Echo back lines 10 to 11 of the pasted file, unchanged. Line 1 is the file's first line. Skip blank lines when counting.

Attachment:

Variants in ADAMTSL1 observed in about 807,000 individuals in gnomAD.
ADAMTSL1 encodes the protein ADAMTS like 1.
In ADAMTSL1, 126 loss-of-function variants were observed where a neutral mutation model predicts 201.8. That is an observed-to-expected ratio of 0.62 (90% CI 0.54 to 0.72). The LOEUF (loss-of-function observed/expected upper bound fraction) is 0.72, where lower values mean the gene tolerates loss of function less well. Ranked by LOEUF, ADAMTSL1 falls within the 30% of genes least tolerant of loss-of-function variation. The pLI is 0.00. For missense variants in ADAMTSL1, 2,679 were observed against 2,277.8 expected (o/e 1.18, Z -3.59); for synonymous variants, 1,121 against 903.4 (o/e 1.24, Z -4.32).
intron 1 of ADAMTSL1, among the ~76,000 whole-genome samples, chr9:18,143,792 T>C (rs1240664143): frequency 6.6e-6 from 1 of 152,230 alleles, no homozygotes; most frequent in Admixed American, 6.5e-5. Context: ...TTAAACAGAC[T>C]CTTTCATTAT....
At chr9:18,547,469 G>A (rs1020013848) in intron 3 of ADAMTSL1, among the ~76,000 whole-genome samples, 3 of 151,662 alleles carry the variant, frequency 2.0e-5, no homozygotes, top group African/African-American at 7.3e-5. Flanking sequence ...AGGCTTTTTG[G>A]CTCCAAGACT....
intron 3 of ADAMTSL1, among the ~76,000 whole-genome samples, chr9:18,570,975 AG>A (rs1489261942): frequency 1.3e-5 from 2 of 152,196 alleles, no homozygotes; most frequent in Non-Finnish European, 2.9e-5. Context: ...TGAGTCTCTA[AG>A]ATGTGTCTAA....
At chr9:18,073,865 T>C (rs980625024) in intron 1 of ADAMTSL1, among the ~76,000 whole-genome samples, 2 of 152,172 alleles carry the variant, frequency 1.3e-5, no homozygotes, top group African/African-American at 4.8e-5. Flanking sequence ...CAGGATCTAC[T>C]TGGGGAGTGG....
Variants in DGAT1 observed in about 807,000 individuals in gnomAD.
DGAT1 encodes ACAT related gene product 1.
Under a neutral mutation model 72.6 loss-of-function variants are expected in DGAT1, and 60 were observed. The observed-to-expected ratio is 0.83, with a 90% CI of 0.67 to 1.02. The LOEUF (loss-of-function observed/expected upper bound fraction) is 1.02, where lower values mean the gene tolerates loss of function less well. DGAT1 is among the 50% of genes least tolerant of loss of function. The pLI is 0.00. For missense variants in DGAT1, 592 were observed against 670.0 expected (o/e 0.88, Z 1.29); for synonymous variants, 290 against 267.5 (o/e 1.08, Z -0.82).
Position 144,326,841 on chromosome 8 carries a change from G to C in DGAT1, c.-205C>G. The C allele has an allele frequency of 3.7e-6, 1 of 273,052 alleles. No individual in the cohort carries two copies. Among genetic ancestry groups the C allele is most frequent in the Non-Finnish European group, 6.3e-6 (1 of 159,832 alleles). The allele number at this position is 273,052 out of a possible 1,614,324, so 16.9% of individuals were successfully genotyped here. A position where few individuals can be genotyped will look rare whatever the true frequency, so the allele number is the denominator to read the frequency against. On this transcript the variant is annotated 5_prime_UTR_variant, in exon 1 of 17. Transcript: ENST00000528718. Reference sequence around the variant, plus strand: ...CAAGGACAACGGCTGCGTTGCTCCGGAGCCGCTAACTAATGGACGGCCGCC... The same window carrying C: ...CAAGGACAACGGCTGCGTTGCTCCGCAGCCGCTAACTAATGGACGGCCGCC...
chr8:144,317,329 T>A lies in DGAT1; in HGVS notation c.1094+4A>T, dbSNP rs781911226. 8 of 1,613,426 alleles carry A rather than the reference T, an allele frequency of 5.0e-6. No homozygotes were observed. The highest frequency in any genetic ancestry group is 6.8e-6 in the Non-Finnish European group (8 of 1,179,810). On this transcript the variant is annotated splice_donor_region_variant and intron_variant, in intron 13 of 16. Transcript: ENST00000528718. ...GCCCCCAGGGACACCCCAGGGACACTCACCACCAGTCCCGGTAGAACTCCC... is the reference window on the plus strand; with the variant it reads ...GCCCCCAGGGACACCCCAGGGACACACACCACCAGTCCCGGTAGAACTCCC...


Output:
Under a neutral mutation model 72.6 loss-of-function variants are expected in DGAT1, and 60 were observed. The observed-to-expected ratio is 0.83, with a 90% CI of 0.67 to 1.02. The LOEUF (loss-of-function observed/expected upper bound fraction) is 1.02, where lower values mean the gene tolerates loss of function less well. DGAT1 is among the 50% of genes least tolerant of loss of function. The pLI is 0.00. For missense variants in DGAT1, 592 were observed against 670.0 expected (o/e 0.88, Z 1.29); for synonymous variants, 290 against 267.5 (o/e 1.08, Z -0.82).
Position 144,326,841 on chromosome 8 carries a change from G to C in DGAT1, c.-205C>G. The C allele has an allele frequency of 3.7e-6, 1 of 273,052 alleles. No individual in the cohort carries two copies. Among genetic ancestry groups the C allele is most frequent in the Non-Finnish European group, 6.3e-6 (1 of 159,832 alleles). The allele number at this position is 273,052 out of a possible 1,614,324, so 16.9% of individuals were successfully genotyped here. A position where few individuals can be genotyped will look rare whatever the true frequency, so the allele number is the denominator to read the frequency against. On this transcript the variant is annotated 5_prime_UTR_variant, in exon 1 of 17. Transcript: ENST00000528718. Reference sequence around the variant, plus strand: ...CAAGGACAACGGCTGCGTTGCTCCGGAGCCGCTAACTAATGGACGGCCGCC... The same window carrying C: ...CAAGGACAACGGCTGCGTTGCTCCGCAGCCGCTAACTAATGGACGGCCGCC...